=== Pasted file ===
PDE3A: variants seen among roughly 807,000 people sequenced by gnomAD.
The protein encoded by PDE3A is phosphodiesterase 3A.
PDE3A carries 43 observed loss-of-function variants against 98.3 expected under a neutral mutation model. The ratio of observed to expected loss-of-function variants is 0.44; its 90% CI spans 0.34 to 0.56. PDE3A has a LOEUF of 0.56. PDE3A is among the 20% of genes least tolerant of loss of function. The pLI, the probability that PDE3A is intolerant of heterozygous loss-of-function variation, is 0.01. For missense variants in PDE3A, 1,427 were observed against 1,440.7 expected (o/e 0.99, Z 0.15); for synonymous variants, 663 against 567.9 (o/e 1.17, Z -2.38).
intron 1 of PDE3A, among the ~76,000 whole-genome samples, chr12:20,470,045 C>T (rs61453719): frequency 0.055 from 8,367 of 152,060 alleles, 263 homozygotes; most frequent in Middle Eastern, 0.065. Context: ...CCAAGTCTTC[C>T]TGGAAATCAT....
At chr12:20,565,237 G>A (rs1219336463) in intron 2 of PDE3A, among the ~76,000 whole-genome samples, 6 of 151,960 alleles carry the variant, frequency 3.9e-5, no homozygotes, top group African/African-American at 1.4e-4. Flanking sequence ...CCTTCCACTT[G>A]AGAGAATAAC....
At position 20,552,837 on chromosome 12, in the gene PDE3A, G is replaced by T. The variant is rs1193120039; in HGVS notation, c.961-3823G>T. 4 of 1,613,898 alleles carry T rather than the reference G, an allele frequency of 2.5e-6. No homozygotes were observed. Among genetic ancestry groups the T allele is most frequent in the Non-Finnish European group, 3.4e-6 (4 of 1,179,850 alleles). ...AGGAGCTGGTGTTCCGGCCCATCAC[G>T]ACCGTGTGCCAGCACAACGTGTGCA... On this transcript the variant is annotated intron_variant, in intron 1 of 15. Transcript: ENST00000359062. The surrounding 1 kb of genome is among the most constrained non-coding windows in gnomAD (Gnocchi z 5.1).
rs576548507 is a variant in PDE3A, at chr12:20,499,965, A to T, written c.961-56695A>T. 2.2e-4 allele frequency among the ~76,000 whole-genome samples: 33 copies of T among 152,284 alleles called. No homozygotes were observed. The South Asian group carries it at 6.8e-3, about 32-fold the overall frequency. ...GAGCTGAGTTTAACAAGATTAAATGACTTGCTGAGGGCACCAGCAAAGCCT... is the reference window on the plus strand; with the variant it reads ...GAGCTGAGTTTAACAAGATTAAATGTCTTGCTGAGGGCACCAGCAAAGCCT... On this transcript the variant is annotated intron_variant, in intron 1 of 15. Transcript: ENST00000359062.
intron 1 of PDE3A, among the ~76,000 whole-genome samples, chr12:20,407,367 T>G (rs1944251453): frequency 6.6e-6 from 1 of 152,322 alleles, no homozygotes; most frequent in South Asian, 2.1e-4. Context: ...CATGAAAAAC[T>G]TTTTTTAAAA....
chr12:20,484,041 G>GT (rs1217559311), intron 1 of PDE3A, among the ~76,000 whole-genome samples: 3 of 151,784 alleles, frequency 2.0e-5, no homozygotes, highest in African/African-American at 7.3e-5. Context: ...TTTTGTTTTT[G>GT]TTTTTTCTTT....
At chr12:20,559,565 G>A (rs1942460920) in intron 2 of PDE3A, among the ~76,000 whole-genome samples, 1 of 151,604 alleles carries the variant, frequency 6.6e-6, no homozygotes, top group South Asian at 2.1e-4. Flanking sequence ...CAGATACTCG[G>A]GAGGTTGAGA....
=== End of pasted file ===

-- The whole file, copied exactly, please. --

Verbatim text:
PDE3A: variants seen among roughly 807,000 people sequenced by gnomAD.
The protein encoded by PDE3A is phosphodiesterase 3A.
PDE3A carries 43 observed loss-of-function variants against 98.3 expected under a neutral mutation model. The ratio of observed to expected loss-of-function variants is 0.44; its 90% CI spans 0.34 to 0.56. PDE3A has a LOEUF of 0.56. PDE3A is among the 20% of genes least tolerant of loss of function. The pLI, the probability that PDE3A is intolerant of heterozygous loss-of-function variation, is 0.01. For missense variants in PDE3A, 1,427 were observed against 1,440.7 expected (o/e 0.99, Z 0.15); for synonymous variants, 663 against 567.9 (o/e 1.17, Z -2.38).
intron 1 of PDE3A, among the ~76,000 whole-genome samples, chr12:20,470,045 C>T (rs61453719): frequency 0.055 from 8,367 of 152,060 alleles, 263 homozygotes; most frequent in Middle Eastern, 0.065. Context: ...CCAAGTCTTC[C>T]TGGAAATCAT....
At chr12:20,565,237 G>A (rs1219336463) in intron 2 of PDE3A, among the ~76,000 whole-genome samples, 6 of 151,960 alleles carry the variant, frequency 3.9e-5, no homozygotes, top group African/African-American at 1.4e-4. Flanking sequence ...CCTTCCACTT[G>A]AGAGAATAAC....
At position 20,552,837 on chromosome 12, in the gene PDE3A, G is replaced by T. The variant is rs1193120039; in HGVS notation, c.961-3823G>T. 4 of 1,613,898 alleles carry T rather than the reference G, an allele frequency of 2.5e-6. No homozygotes were observed. Among genetic ancestry groups the T allele is most frequent in the Non-Finnish European group, 3.4e-6 (4 of 1,179,850 alleles). ...AGGAGCTGGTGTTCCGGCCCATCAC[G>T]ACCGTGTGCCAGCACAACGTGTGCA... On this transcript the variant is annotated intron_variant, in intron 1 of 15. Transcript: ENST00000359062. The surrounding 1 kb of genome is among the most constrained non-coding windows in gnomAD (Gnocchi z 5.1).
rs576548507 is a variant in PDE3A, at chr12:20,499,965, A to T, written c.961-56695A>T. 2.2e-4 allele frequency among the ~76,000 whole-genome samples: 33 copies of T among 152,284 alleles called. No homozygotes were observed. The South Asian group carries it at 6.8e-3, about 32-fold the overall frequency. ...GAGCTGAGTTTAACAAGATTAAATGACTTGCTGAGGGCACCAGCAAAGCCT... is the reference window on the plus strand; with the variant it reads ...GAGCTGAGTTTAACAAGATTAAATGTCTTGCTGAGGGCACCAGCAAAGCCT... On this transcript the variant is annotated intron_variant, in intron 1 of 15. Transcript: ENST00000359062.
intron 1 of PDE3A, among the ~76,000 whole-genome samples, chr12:20,407,367 T>G (rs1944251453): frequency 6.6e-6 from 1 of 152,322 alleles, no homozygotes; most frequent in South Asian, 2.1e-4. Context: ...CATGAAAAAC[T>G]TTTTTTAAAA....
chr12:20,484,041 G>GT (rs1217559311), intron 1 of PDE3A, among the ~76,000 whole-genome samples: 3 of 151,784 alleles, frequency 2.0e-5, no homozygotes, highest in African/African-American at 7.3e-5. Context: ...TTTTGTTTTT[G>GT]TTTTTTCTTT....
At chr12:20,559,565 G>A (rs1942460920) in intron 2 of PDE3A, among the ~76,000 whole-genome samples, 1 of 151,604 alleles carries the variant, frequency 6.6e-6, no homozygotes, top group South Asian at 2.1e-4. Flanking sequence ...CAGATACTCG[G>A]GAGGTTGAGA....